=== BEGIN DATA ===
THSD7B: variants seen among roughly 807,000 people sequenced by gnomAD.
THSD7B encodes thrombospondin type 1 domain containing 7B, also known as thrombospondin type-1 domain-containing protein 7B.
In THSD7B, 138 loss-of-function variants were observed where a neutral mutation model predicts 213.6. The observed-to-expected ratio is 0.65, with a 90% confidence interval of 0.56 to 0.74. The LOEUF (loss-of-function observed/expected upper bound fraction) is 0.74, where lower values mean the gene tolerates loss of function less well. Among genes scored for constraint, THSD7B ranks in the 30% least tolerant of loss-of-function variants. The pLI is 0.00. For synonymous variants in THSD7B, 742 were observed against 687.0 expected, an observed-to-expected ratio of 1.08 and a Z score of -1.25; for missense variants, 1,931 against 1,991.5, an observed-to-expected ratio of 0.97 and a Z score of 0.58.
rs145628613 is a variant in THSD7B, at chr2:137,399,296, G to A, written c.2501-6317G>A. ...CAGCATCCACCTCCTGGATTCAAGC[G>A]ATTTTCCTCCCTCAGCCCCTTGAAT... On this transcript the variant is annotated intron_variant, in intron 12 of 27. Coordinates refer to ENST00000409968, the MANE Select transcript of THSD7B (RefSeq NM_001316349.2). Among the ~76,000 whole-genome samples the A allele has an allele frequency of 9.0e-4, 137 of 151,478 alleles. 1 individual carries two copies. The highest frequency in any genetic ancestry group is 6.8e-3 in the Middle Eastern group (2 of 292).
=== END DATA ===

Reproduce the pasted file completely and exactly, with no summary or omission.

THSD7B: variants seen among roughly 807,000 people sequenced by gnomAD.
THSD7B encodes thrombospondin type 1 domain containing 7B, also known as thrombospondin type-1 domain-containing protein 7B.
In THSD7B, 138 loss-of-function variants were observed where a neutral mutation model predicts 213.6. The observed-to-expected ratio is 0.65, with a 90% confidence interval of 0.56 to 0.74. The LOEUF (loss-of-function observed/expected upper bound fraction) is 0.74, where lower values mean the gene tolerates loss of function less well. Among genes scored for constraint, THSD7B ranks in the 30% least tolerant of loss-of-function variants. The pLI is 0.00. For synonymous variants in THSD7B, 742 were observed against 687.0 expected, an observed-to-expected ratio of 1.08 and a Z score of -1.25; for missense variants, 1,931 against 1,991.5, an observed-to-expected ratio of 0.97 and a Z score of 0.58.
rs145628613 is a variant in THSD7B, at chr2:137,399,296, G to A, written c.2501-6317G>A. ...CAGCATCCACCTCCTGGATTCAAGC[G>A]ATTTTCCTCCCTCAGCCCCTTGAAT... On this transcript the variant is annotated intron_variant, in intron 12 of 27. Coordinates refer to ENST00000409968, the MANE Select transcript of THSD7B (RefSeq NM_001316349.2). Among the ~76,000 whole-genome samples the A allele has an allele frequency of 9.0e-4, 137 of 151,478 alleles. 1 individual carries two copies. The highest frequency in any genetic ancestry group is 6.8e-3 in the Middle Eastern group (2 of 292).